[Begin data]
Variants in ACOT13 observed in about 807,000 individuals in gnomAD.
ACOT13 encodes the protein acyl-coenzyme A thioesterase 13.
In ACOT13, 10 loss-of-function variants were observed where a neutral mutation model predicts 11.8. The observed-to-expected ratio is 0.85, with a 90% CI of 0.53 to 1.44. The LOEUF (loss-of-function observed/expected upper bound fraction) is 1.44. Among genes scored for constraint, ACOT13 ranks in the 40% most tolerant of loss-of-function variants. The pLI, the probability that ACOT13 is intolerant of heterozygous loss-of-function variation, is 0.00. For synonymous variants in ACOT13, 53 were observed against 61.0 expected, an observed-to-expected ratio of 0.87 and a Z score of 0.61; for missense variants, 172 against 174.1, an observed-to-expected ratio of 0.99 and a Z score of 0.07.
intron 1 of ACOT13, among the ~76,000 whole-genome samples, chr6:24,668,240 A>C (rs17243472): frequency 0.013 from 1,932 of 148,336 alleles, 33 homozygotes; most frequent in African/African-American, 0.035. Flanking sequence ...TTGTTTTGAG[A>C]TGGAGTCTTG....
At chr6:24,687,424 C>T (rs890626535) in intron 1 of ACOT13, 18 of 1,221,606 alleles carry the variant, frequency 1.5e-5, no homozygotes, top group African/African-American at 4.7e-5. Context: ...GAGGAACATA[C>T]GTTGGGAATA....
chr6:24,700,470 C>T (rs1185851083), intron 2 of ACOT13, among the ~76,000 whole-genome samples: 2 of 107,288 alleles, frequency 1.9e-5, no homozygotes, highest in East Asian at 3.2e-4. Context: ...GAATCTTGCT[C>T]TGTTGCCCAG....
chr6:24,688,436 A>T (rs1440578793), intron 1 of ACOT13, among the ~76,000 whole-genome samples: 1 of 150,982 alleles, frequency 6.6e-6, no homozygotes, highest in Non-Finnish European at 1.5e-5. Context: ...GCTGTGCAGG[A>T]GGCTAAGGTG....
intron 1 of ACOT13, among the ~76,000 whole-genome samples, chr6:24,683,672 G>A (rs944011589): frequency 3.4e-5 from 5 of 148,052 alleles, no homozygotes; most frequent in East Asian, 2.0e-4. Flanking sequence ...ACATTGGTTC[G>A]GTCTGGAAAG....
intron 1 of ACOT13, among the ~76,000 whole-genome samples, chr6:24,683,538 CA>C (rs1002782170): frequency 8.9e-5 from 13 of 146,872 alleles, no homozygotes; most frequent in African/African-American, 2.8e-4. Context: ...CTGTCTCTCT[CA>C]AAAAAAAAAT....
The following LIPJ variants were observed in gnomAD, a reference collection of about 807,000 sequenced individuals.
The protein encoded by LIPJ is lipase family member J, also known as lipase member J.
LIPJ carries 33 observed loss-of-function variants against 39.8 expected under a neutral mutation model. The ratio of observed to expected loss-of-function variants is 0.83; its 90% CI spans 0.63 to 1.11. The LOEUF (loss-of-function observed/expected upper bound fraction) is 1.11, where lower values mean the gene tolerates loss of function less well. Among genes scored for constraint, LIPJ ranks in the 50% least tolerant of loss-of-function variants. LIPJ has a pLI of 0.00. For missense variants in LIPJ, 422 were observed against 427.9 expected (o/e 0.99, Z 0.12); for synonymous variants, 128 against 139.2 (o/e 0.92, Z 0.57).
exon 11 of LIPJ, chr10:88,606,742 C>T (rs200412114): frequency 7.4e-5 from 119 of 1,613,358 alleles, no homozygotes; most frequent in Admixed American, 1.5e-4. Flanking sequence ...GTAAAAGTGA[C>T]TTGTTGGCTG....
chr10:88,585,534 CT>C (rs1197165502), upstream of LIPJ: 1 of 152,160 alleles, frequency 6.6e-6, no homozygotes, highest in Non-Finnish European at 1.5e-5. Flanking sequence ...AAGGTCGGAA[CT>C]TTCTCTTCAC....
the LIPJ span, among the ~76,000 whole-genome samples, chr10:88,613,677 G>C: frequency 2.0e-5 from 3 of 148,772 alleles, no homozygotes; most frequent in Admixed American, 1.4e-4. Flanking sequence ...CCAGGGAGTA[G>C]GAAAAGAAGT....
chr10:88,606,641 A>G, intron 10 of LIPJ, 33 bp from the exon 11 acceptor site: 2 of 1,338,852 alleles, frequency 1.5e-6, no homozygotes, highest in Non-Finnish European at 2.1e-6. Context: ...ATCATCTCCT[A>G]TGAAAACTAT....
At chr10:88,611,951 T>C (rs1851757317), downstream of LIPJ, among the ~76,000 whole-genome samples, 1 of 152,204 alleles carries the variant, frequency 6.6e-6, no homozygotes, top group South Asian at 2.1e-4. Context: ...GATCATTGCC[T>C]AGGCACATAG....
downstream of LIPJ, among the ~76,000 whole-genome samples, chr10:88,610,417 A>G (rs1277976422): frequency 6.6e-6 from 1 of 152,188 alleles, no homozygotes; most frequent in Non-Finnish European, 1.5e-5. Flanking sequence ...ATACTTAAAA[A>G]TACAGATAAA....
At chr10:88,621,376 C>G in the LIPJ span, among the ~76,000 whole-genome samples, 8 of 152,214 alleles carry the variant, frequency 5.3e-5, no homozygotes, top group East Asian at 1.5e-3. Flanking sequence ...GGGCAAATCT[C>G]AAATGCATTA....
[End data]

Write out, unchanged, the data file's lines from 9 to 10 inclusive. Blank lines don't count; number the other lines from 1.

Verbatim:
intron 1 of ACOT13, among the ~76,000 whole-genome samples, chr6:24,683,538 CA>C (rs1002782170): frequency 8.9e-5 from 13 of 146,872 alleles, no homozygotes; most frequent in African/African-American, 2.8e-4. Context: ...CTGTCTCTCT[CA>C]AAAAAAAAAT....
The following LIPJ variants were observed in gnomAD, a reference collection of about 807,000 sequenced individuals.